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Grassley shows maturity in debate over the debt ceiling

BY DI EDITORIAL BOARD | JULY 11, 2011 7:20 AM

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As the deadline for increasing the debt ceiling nears, Iowa Sen. Charles Grassley is one of few congressional Republicans considering reasonable measures rather than knee-jerk partisan antagonism.

One aspect of the bitter debate is crystallizing around the possibility of invoking a little-cited section of the 14th Amendment. Depending on the interpretation, the sentence might allow President Obama to raise the debt ceiling on his own. It’s controversial; some congressional Republicans have threatened impeachment if Obama bypasses Congress.

But not Grassley. While he said he was personally in favor of the debt ceiling, he would relent if the Constitution was found to abrogate the concept.

Grassley is not a constitutional scholar and may not be correct on the potential role of the 14th Amendment in breaking through the debt stalemate; he is, however, correct in privileging the Constitution over partisan competition.

The bipartisan game of debt-ceiling chicken is nearing completion, less than one month from default day. Democrats are insisting on the necessity of raising the debt ceiling without significant cuts to social programs, combating the deficit through a combination of tax increases and moderate spending cuts; Republicans are refusing to consider tax increases, asking for major cuts from social programs. House Speaker John Boehner, R-Ohio, recently scaled back his negotiations, citing Obama’s refusal to take tax increases off the table; a weekend full of roundtable discussions may end without a bipartisan solution.

With little progress made in negotiations, Treasury Secretary Tim Geithner said late last month that default on the debt was not an option, given Section Four of the 14th Amendment, which states, “The validity of the public debt of the United States … shall not be questioned.” This prompted rampant speculation about whether Obama would ignore Congress entirely; the Treasury Department then clarified that Geithner was implying no such thing.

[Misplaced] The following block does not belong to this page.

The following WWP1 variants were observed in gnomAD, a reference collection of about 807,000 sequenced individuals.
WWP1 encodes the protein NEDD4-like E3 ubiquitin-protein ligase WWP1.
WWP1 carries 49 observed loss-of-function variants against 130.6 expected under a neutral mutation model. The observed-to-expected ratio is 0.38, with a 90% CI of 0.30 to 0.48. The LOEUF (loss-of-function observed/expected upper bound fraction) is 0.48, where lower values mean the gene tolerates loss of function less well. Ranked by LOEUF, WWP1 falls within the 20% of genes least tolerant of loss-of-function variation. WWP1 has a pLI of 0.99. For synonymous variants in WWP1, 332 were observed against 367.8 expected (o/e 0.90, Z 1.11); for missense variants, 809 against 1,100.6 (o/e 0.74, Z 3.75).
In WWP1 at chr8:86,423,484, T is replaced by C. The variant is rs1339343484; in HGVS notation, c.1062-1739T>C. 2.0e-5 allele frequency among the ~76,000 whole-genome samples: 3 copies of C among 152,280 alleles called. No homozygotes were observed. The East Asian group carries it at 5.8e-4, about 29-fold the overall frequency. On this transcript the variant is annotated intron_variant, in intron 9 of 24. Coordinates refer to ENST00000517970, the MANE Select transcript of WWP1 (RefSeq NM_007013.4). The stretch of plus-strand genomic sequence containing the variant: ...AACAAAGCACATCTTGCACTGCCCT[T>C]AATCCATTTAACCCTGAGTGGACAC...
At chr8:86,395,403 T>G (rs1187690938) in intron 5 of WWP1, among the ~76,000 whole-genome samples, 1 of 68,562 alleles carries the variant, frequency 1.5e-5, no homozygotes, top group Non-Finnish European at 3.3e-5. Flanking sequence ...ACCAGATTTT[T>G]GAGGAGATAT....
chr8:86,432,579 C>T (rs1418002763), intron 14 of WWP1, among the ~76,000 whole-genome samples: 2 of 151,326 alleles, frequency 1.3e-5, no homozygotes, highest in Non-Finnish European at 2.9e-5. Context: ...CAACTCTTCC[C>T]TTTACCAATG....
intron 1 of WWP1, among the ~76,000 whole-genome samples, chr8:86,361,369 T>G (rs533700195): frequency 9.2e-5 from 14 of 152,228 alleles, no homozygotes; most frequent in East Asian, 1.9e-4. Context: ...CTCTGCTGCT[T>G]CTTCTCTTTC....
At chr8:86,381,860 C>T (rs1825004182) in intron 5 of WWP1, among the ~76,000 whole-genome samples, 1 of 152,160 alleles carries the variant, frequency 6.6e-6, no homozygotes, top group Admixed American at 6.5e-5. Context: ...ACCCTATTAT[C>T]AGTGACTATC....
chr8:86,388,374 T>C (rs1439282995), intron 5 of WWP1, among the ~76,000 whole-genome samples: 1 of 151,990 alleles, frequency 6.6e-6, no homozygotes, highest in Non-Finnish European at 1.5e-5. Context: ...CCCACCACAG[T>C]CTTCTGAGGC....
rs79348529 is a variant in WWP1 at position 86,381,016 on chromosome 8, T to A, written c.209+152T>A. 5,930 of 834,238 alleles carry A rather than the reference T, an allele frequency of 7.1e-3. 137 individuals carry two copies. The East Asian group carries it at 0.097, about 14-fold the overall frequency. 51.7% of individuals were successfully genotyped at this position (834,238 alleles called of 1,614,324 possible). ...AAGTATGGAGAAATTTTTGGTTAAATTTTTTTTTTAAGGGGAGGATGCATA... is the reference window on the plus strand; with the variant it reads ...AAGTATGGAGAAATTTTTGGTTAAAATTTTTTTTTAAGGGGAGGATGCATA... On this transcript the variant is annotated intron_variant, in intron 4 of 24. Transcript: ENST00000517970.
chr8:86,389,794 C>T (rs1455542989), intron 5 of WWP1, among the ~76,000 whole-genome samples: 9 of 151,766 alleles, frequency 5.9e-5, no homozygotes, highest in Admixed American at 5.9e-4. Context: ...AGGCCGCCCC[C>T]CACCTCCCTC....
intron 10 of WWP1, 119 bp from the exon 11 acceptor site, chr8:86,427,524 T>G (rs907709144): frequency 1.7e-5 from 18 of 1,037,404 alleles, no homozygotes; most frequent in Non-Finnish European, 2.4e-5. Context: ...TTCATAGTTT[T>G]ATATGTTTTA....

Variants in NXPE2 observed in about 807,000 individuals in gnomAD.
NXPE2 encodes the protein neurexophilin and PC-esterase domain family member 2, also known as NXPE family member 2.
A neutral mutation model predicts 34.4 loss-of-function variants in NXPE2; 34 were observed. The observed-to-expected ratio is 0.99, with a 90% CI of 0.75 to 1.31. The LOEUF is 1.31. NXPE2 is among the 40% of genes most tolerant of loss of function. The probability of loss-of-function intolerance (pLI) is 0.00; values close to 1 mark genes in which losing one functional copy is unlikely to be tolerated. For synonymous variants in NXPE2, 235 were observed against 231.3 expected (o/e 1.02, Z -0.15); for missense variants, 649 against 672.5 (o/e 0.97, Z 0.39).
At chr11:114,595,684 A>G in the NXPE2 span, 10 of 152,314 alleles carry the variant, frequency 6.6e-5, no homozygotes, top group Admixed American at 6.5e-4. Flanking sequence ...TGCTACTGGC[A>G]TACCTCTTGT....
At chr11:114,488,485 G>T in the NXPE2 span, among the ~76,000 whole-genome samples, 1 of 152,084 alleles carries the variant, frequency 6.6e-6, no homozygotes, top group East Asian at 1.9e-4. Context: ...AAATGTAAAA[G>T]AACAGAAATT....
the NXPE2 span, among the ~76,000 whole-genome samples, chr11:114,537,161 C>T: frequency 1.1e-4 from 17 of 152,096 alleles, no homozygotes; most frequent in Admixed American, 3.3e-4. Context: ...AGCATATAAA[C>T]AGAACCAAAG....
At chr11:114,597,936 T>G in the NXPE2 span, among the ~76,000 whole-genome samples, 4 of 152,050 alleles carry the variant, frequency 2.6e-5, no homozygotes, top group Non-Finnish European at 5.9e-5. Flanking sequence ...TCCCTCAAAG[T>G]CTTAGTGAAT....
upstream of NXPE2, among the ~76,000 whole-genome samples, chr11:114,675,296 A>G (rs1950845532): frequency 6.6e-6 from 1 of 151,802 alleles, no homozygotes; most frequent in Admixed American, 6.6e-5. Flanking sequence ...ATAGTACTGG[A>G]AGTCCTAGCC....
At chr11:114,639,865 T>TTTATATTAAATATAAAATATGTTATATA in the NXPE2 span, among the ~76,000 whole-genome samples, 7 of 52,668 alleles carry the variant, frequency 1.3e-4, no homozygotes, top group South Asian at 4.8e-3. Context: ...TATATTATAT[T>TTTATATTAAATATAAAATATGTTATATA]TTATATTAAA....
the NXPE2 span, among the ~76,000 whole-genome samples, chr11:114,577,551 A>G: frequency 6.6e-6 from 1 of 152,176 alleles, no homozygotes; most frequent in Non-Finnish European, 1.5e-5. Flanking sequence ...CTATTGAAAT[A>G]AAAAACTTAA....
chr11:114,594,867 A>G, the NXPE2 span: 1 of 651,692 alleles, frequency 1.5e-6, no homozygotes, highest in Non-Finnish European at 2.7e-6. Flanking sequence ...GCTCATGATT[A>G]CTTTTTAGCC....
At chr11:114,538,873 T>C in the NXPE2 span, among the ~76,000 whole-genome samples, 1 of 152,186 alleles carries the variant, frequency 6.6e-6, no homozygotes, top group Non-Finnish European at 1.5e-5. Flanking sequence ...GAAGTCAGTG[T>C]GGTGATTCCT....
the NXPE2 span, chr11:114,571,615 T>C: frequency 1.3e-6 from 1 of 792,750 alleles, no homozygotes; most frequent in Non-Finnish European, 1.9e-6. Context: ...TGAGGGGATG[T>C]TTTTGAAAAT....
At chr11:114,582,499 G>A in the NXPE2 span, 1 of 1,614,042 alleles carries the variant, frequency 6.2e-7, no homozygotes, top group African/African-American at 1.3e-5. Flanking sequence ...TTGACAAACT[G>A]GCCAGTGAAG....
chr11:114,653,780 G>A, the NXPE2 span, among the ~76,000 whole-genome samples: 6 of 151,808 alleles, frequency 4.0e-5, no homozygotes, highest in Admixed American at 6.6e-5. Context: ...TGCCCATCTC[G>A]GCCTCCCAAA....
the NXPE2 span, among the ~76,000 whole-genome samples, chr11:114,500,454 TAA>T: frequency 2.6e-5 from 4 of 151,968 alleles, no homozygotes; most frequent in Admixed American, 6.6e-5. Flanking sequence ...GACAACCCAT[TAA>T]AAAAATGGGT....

But the idea is still percolating through Washington, even if Press Secretary Jay Carney denied that the president was considering it. Opinion writers at the Washington Post, among other papers, have weighed in; U.S. representatives have quickly chosen sides, with Pete Olson, R-Texas, confirming that there are a few Republicans debating the possibility of impeachment in response.

Many legal scholars and political experts are skeptical about the legality of a potential ploy. “Not raising the debt limit does not necessarily mean that we will default on our debt or otherwise ‘question’ it,” University of Iowa political-science Associate Professor Tim Hagle told the DI Editorial Board in an e-mail. “It would mean, however, that the government would have to prioritize its obligations.”

Hagle doesn’t believe that the 14th Amendment would allow the president to unilaterally raise the debt ceiling, even though constitutional interpretations change with the times. At the most, he said, the amendment might be used to argue that the debt limit is unconstitutional.

Others have agreed, and some — including Harvard constitutional-law Professor Laurence Tribe — have suggested that using the 14th Amendment as a blunt instrument would declare an all-out war between the executive and the legislative branches of government. After the massive expansion of executive power under the Bush administration, which has only continued under Obama, the last thing the country needs is a further concentration of power in presidential hands.

Invoking the 14th Amendment is constitutionally dubious, but disagreements about the Constitution aren’t an impeachable offense. As Article II, Section 4 of the U.S. Constitution states, “The President, Vice President and all civil officers of the United States, shall be removed from office on impeachment for, and conviction of, treason, bribery, or other high crimes and misdemeanors.”

The Clinton affair aside, it’s obvious by the prioritizing of treason and bribery that impeachment was meant for criminal affairs that jeopardized the ability of a president to serve the country.

Disagreements over interpretations of the Constitution are neither illegal nor damning; the court system, not the process of impeachment, exists to settle the debate.

“Presidents, or their administrations, often take actions that are later held to be unconstitutional,” Hagle wrote. “Sometimes, folks can get fired or fined for such unconstitutional actions, but I don’t know that this would be enough to qualify for an impeachable offense.”

Grassley’s willingness to consider the constitutionality of the debt ceiling, instead of immediately reacting with outrage, places him, if not on the side of the angels, away from the reactionaries. In a time of partisan trench warfare over an extremely important issue, it’s refreshing to see our Iowa senator take a reasonable approach.

The Obama administration shouldn’t invoke the 14th Amendment. If it does, however, the president shouldn’t be impeached; as with any debate over constitutional powers delegated to the executive versus, legislative branches, the judiciary will serve as the final arbiter.


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